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     Crane’s voice in the story is versatile: at times tender or thoughtful, at times choleric, frank, and unapologetic—always personal.  He describes empathically the injured captain who lies in the dinghy’s bow as:
buried in that profound dejection and indifference which comes, temporarily at least, to even the bravest and most enduring when, willy nilly, the firm fails, the army loses, the ship goes down. The mind of the master of a vessel is rooted deep in the timbers of her . . . and this captain had on him the stern impression of a scene in the grays of dawn of seven turned faces, and later a stump of a top-mast with a white ball on it that slashed to and fro at the waves, went lower and lower, and down.  Thereafter there was something strange in his voice.  Although steady, it was deep with mourning, and of a quality beyond oration or tears.
    “Keep ‘er a little more south, Billie,” said he.
    “‘A little more south,’ sir,” said the oiler in the stern.  (657)
Interesting too, from the standpoint of craft, that Crane describes the captain’s voice, then follows it with the short line of dialogue.  Even though the man’s voice is characterized in abstract terms—rather than something concrete, like murmur or sigh—the captain’s line of dialogue forces the reader to imagine the voice, to concretize it, and thus the captain and his grief.
Later, when the correspondent (Crane) vents his “rage,” he does not cheapen nature with romantic or deferential terms, but speaks bluntly:
if I am going to be drowned, why, in the name of the seven mad gods who rule the sea, was I allowed to come thus far and contemplate sand and trees?  Was I brought here merely to have my nose dragged away as I was about to nibble the sacred cheese of life?  It is preposterous.  If this old ninny-woman, Fate, cannot do better than this, she should be deprived of the management of men’s fortunes.  She is an old hen who knows not her intention.  If she has decided to drown me, why did she not do it in the beginning and save me all this trouble.  The whole affair is absurd. . . . But, no, she cannot mean to drown me. She dare not drown me. She cannot drown me.  Not after all this work.  (662)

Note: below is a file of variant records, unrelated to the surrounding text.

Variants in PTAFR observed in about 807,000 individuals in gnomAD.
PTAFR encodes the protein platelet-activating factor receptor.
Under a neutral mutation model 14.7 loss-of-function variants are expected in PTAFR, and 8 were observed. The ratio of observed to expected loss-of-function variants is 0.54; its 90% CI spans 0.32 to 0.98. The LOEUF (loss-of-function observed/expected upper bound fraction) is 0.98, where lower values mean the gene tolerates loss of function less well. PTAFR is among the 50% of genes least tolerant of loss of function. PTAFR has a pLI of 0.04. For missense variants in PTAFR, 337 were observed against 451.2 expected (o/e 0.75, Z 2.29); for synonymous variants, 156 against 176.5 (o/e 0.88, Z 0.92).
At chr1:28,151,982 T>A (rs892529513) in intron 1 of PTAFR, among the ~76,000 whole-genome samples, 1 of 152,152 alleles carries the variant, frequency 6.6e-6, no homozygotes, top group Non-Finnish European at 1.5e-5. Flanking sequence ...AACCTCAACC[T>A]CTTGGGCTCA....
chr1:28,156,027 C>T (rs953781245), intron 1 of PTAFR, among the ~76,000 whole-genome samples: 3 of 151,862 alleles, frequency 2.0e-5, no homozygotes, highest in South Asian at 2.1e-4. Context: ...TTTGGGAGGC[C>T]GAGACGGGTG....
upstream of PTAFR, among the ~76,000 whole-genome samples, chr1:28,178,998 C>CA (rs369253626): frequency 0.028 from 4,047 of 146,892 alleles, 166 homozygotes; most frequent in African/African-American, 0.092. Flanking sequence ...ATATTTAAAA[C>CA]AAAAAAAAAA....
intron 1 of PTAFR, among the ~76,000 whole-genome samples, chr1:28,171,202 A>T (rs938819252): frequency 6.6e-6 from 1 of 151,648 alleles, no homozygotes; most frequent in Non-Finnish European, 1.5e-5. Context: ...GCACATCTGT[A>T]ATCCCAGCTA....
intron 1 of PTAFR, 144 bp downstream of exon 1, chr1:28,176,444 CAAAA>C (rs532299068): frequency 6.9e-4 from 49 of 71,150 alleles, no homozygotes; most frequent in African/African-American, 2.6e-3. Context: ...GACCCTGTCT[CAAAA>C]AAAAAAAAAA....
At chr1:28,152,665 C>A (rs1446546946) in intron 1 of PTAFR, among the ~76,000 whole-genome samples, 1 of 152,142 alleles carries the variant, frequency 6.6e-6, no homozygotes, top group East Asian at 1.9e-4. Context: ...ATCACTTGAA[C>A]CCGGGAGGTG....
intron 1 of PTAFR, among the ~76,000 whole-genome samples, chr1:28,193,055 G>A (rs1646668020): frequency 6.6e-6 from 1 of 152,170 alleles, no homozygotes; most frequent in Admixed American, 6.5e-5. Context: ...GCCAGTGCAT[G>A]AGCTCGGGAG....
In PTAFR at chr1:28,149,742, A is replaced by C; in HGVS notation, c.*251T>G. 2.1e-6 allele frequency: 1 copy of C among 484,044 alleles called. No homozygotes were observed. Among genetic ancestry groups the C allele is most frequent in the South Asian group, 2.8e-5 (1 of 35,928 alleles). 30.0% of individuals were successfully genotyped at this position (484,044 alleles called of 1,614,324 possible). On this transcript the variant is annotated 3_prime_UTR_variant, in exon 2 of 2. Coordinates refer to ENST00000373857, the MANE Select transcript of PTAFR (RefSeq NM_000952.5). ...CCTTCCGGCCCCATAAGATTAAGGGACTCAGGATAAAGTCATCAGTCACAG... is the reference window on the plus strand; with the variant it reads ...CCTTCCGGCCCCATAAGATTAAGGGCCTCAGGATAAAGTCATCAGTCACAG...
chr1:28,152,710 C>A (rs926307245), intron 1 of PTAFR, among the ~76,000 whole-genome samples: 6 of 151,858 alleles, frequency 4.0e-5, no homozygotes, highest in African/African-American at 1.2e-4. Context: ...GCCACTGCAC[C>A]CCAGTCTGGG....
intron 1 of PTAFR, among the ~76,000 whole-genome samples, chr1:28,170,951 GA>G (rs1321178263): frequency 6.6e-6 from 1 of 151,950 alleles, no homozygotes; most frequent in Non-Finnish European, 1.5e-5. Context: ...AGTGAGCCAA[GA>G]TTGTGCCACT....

Crane emphasizes the futility of this slur against nature, capping it with irony: “‘Just you drown me, now, and then hear what I call you!’”  Like Shakespeare when he puts the drunken porter in Macbeth, Crane deftly juxtaposes pathos and humor.
There is an immediacy to this narration—something palpable, tangible—that brings the reader vicariously into the story.  All je-ne-sais-quoi aside, Crane’s imaginative treatment is more compelling than conventional journalism’s just-the-facts style.
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     A particularly good example of the personal essay is E.B. White’s 1956 piece, “Bedfellows.”  I like his use of imagery as a less-stridently-rhetorical device that gentles the essay’s point.  In this piece White de-barbs his political commentary with imagery, and more especially, with humor, the writer’s most disarming weapon.  He opens with:
  I am lying here in my private sick bay on the east side of town . . . watching starlings from the vantage point of bed.  Three Democrats are in bed with me: Harry Truman (in a stale copy of the Times) [etc.]. . . .  I take Democrats to bed with me for lack of a dachshund, although as a matter of fact on occasions like this I am almost certain to be visited by the ghost of Fred . . . dead these many years. . . . In life, Fred always attended the sick, climbing right into bed with the patient like some lecherous old physician, and making a bad situation worse.  All this dark morning I have reluctantly entertained him . . . felt his oppressive weight, and heard his fraudulent report.  He was an uncomfortable bedmate when alive; death has worked little improvement—I still . . . wonder why I put up with his natural rudeness and his pretensions.  (White 147-48)
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